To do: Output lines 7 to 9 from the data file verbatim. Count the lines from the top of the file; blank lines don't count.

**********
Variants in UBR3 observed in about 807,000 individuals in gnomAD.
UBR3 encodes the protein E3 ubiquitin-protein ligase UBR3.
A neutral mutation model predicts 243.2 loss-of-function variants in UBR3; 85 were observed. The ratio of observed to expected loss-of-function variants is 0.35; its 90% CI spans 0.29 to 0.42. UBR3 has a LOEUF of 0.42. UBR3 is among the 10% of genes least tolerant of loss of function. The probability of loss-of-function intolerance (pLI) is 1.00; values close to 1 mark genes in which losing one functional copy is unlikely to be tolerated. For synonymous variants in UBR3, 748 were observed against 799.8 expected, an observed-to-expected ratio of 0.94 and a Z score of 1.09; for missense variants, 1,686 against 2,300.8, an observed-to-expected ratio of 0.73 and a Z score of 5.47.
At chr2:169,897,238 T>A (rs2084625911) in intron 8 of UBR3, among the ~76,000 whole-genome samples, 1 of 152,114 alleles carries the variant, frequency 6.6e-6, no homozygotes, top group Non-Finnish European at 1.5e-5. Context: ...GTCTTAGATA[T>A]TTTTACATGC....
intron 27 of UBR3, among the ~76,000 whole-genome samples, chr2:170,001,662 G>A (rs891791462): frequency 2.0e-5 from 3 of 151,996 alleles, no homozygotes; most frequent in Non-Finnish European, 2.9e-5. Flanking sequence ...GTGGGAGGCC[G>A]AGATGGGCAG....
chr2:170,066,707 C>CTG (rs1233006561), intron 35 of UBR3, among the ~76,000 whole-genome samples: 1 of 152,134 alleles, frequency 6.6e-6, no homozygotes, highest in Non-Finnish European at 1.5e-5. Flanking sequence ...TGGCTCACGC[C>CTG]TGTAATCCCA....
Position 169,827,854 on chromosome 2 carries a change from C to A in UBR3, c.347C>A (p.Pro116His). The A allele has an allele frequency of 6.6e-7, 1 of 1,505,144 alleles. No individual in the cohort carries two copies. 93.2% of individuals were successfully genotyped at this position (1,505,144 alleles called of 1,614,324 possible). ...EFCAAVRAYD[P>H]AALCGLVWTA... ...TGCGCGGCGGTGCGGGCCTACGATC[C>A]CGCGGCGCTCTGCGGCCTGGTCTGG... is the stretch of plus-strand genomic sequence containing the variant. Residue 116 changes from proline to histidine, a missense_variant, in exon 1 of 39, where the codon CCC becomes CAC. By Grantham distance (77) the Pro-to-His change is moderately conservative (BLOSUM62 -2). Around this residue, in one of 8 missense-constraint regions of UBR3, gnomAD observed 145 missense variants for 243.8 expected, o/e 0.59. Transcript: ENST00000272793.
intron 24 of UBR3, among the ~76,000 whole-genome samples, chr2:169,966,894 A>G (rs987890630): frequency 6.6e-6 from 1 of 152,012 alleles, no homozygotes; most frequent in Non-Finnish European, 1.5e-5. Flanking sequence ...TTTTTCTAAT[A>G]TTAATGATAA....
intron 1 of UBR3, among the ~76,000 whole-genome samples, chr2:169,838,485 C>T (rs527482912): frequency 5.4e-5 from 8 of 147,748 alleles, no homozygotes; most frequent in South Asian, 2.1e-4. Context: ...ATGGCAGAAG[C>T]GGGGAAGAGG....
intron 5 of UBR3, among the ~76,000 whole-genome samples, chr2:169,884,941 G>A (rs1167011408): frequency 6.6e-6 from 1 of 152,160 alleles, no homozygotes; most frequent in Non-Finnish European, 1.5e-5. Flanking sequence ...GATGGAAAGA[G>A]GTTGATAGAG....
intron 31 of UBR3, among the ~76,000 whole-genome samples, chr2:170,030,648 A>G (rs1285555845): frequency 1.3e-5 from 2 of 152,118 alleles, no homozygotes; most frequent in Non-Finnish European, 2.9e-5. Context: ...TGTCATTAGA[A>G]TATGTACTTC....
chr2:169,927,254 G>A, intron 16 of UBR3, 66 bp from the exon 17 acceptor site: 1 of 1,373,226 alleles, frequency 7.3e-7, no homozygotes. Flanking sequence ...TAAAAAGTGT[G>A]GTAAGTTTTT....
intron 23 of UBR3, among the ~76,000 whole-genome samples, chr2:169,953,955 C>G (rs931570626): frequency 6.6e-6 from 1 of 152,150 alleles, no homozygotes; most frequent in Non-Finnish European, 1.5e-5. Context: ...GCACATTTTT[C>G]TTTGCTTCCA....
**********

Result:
Position 169,827,854 on chromosome 2 carries a change from C to A in UBR3, c.347C>A (p.Pro116His). The A allele has an allele frequency of 6.6e-7, 1 of 1,505,144 alleles. No individual in the cohort carries two copies. 93.2% of individuals were successfully genotyped at this position (1,505,144 alleles called of 1,614,324 possible). ...EFCAAVRAYD[P>H]AALCGLVWTA... ...TGCGCGGCGGTGCGGGCCTACGATC[C>A]CGCGGCGCTCTGCGGCCTGGTCTGG... is the stretch of plus-strand genomic sequence containing the variant. Residue 116 changes from proline to histidine, a missense_variant, in exon 1 of 39, where the codon CCC becomes CAC. By Grantham distance (77) the Pro-to-His change is moderately conservative (BLOSUM62 -2). Around this residue, in one of 8 missense-constraint regions of UBR3, gnomAD observed 145 missense variants for 243.8 expected, o/e 0.59. Transcript: ENST00000272793.
intron 24 of UBR3, among the ~76,000 whole-genome samples, chr2:169,966,894 A>G (rs987890630): frequency 6.6e-6 from 1 of 152,012 alleles, no homozygotes; most frequent in Non-Finnish European, 1.5e-5. Flanking sequence ...TTTTTCTAAT[A>G]TTAATGATAA....
intron 1 of UBR3, among the ~76,000 whole-genome samples, chr2:169,838,485 C>T (rs527482912): frequency 5.4e-5 from 8 of 147,748 alleles, no homozygotes; most frequent in South Asian, 2.1e-4. Context: ...ATGGCAGAAG[C>T]GGGGAAGAGG....